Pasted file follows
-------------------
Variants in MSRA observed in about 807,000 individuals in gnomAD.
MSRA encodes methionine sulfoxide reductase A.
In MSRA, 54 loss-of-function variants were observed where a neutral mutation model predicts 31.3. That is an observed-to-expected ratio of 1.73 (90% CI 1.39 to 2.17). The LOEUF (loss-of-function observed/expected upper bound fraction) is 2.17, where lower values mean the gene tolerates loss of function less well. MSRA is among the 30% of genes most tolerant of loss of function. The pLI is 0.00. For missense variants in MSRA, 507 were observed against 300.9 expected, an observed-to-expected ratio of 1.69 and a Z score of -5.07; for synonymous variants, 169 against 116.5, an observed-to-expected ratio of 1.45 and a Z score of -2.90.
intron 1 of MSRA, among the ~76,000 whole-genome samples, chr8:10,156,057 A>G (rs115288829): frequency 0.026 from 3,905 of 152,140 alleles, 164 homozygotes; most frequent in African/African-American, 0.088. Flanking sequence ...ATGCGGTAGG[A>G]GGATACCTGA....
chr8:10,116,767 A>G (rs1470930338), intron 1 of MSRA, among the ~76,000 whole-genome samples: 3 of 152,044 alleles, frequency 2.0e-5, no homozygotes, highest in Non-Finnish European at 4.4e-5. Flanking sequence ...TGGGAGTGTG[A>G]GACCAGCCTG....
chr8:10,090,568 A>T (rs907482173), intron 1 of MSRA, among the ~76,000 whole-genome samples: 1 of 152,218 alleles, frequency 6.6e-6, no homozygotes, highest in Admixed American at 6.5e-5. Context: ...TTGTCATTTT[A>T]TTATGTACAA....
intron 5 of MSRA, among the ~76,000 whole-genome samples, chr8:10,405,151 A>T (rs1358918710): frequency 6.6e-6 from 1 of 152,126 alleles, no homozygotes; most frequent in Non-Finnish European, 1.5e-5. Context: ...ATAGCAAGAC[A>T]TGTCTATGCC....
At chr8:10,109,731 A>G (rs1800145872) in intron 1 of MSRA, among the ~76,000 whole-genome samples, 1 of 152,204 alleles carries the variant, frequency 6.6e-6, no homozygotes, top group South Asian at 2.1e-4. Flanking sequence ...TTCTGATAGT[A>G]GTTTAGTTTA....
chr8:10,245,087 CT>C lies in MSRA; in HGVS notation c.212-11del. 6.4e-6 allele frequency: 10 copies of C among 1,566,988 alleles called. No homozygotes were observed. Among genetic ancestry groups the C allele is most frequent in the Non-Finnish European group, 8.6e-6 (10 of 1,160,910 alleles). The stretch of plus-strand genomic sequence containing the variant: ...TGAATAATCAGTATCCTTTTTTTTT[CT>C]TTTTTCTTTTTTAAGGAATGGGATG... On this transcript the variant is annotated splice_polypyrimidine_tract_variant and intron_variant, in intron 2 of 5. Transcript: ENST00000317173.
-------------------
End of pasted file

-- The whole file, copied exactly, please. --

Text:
Variants in MSRA observed in about 807,000 individuals in gnomAD.
MSRA encodes methionine sulfoxide reductase A.
In MSRA, 54 loss-of-function variants were observed where a neutral mutation model predicts 31.3. That is an observed-to-expected ratio of 1.73 (90% CI 1.39 to 2.17). The LOEUF (loss-of-function observed/expected upper bound fraction) is 2.17, where lower values mean the gene tolerates loss of function less well. MSRA is among the 30% of genes most tolerant of loss of function. The pLI is 0.00. For missense variants in MSRA, 507 were observed against 300.9 expected, an observed-to-expected ratio of 1.69 and a Z score of -5.07; for synonymous variants, 169 against 116.5, an observed-to-expected ratio of 1.45 and a Z score of -2.90.
intron 1 of MSRA, among the ~76,000 whole-genome samples, chr8:10,156,057 A>G (rs115288829): frequency 0.026 from 3,905 of 152,140 alleles, 164 homozygotes; most frequent in African/African-American, 0.088. Flanking sequence ...ATGCGGTAGG[A>G]GGATACCTGA....
chr8:10,116,767 A>G (rs1470930338), intron 1 of MSRA, among the ~76,000 whole-genome samples: 3 of 152,044 alleles, frequency 2.0e-5, no homozygotes, highest in Non-Finnish European at 4.4e-5. Flanking sequence ...TGGGAGTGTG[A>G]GACCAGCCTG....
chr8:10,090,568 A>T (rs907482173), intron 1 of MSRA, among the ~76,000 whole-genome samples: 1 of 152,218 alleles, frequency 6.6e-6, no homozygotes, highest in Admixed American at 6.5e-5. Context: ...TTGTCATTTT[A>T]TTATGTACAA....
intron 5 of MSRA, among the ~76,000 whole-genome samples, chr8:10,405,151 A>T (rs1358918710): frequency 6.6e-6 from 1 of 152,126 alleles, no homozygotes; most frequent in Non-Finnish European, 1.5e-5. Context: ...ATAGCAAGAC[A>T]TGTCTATGCC....
At chr8:10,109,731 A>G (rs1800145872) in intron 1 of MSRA, among the ~76,000 whole-genome samples, 1 of 152,204 alleles carries the variant, frequency 6.6e-6, no homozygotes, top group South Asian at 2.1e-4. Flanking sequence ...TTCTGATAGT[A>G]GTTTAGTTTA....
chr8:10,245,087 CT>C lies in MSRA; in HGVS notation c.212-11del. 6.4e-6 allele frequency: 10 copies of C among 1,566,988 alleles called. No homozygotes were observed. Among genetic ancestry groups the C allele is most frequent in the Non-Finnish European group, 8.6e-6 (10 of 1,160,910 alleles). The stretch of plus-strand genomic sequence containing the variant: ...TGAATAATCAGTATCCTTTTTTTTT[CT>C]TTTTTCTTTTTTAAGGAATGGGATG... On this transcript the variant is annotated splice_polypyrimidine_tract_variant and intron_variant, in intron 2 of 5. Transcript: ENST00000317173.